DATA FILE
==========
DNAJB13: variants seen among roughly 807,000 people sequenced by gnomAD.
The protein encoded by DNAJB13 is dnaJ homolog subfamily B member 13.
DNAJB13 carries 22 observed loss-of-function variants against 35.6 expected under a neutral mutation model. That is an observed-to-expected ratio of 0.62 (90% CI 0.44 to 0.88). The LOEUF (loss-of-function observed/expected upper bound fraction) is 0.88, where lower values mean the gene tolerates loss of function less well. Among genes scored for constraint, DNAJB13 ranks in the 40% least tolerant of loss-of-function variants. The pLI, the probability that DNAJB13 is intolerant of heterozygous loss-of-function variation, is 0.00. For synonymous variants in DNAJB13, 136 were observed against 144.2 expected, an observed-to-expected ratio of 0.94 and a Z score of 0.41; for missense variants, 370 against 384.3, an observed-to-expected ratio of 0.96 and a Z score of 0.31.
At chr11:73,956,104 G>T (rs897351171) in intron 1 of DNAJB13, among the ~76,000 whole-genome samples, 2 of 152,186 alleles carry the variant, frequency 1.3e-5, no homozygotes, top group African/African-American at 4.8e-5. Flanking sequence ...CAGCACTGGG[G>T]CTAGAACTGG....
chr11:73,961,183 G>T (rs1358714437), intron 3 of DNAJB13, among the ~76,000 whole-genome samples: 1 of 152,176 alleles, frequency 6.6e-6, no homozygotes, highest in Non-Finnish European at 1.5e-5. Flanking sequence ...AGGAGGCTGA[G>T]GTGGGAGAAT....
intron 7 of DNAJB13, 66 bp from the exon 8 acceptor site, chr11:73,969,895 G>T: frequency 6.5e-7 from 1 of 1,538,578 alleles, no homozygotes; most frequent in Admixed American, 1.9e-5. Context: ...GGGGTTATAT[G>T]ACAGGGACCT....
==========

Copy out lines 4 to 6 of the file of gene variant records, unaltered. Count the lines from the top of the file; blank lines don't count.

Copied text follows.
At chr11:73,956,104 G>T (rs897351171) in intron 1 of DNAJB13, among the ~76,000 whole-genome samples, 2 of 152,186 alleles carry the variant, frequency 1.3e-5, no homozygotes, top group African/African-American at 4.8e-5. Flanking sequence ...CAGCACTGGG[G>T]CTAGAACTGG....
chr11:73,961,183 G>T (rs1358714437), intron 3 of DNAJB13, among the ~76,000 whole-genome samples: 1 of 152,176 alleles, frequency 6.6e-6, no homozygotes, highest in Non-Finnish European at 1.5e-5. Flanking sequence ...AGGAGGCTGA[G>T]GTGGGAGAAT....
intron 7 of DNAJB13, 66 bp from the exon 8 acceptor site, chr11:73,969,895 G>T: frequency 6.5e-7 from 1 of 1,538,578 alleles, no homozygotes; most frequent in Admixed American, 1.9e-5. Context: ...GGGGTTATAT[G>T]ACAGGGACCT....